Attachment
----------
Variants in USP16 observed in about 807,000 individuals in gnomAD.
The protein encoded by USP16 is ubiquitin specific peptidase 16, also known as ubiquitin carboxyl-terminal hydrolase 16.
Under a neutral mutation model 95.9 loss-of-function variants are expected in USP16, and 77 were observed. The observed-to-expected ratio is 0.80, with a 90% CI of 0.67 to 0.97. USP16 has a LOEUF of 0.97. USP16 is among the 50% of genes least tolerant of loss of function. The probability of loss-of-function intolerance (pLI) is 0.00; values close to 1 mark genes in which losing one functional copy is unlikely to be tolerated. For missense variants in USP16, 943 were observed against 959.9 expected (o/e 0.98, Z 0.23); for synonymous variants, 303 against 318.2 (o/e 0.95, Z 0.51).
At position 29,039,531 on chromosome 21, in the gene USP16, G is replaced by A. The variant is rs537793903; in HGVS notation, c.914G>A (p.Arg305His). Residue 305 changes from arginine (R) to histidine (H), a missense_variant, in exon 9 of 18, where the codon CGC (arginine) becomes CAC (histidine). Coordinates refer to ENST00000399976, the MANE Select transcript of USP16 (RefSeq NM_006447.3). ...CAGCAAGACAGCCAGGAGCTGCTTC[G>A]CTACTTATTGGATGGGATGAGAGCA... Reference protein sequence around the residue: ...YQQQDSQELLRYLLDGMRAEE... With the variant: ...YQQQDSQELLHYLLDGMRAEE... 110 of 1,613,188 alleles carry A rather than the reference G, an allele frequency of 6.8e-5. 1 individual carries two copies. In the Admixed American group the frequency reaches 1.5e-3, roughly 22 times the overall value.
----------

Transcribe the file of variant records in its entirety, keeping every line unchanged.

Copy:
Variants in USP16 observed in about 807,000 individuals in gnomAD.
The protein encoded by USP16 is ubiquitin specific peptidase 16, also known as ubiquitin carboxyl-terminal hydrolase 16.
Under a neutral mutation model 95.9 loss-of-function variants are expected in USP16, and 77 were observed. The observed-to-expected ratio is 0.80, with a 90% CI of 0.67 to 0.97. USP16 has a LOEUF of 0.97. USP16 is among the 50% of genes least tolerant of loss of function. The probability of loss-of-function intolerance (pLI) is 0.00; values close to 1 mark genes in which losing one functional copy is unlikely to be tolerated. For missense variants in USP16, 943 were observed against 959.9 expected (o/e 0.98, Z 0.23); for synonymous variants, 303 against 318.2 (o/e 0.95, Z 0.51).
At position 29,039,531 on chromosome 21, in the gene USP16, G is replaced by A. The variant is rs537793903; in HGVS notation, c.914G>A (p.Arg305His). Residue 305 changes from arginine (R) to histidine (H), a missense_variant, in exon 9 of 18, where the codon CGC (arginine) becomes CAC (histidine). Coordinates refer to ENST00000399976, the MANE Select transcript of USP16 (RefSeq NM_006447.3). ...CAGCAAGACAGCCAGGAGCTGCTTC[G>A]CTACTTATTGGATGGGATGAGAGCA... Reference protein sequence around the residue: ...YQQQDSQELLRYLLDGMRAEE... With the variant: ...YQQQDSQELLHYLLDGMRAEE... 110 of 1,613,188 alleles carry A rather than the reference G, an allele frequency of 6.8e-5. 1 individual carries two copies. In the Admixed American group the frequency reaches 1.5e-3, roughly 22 times the overall value.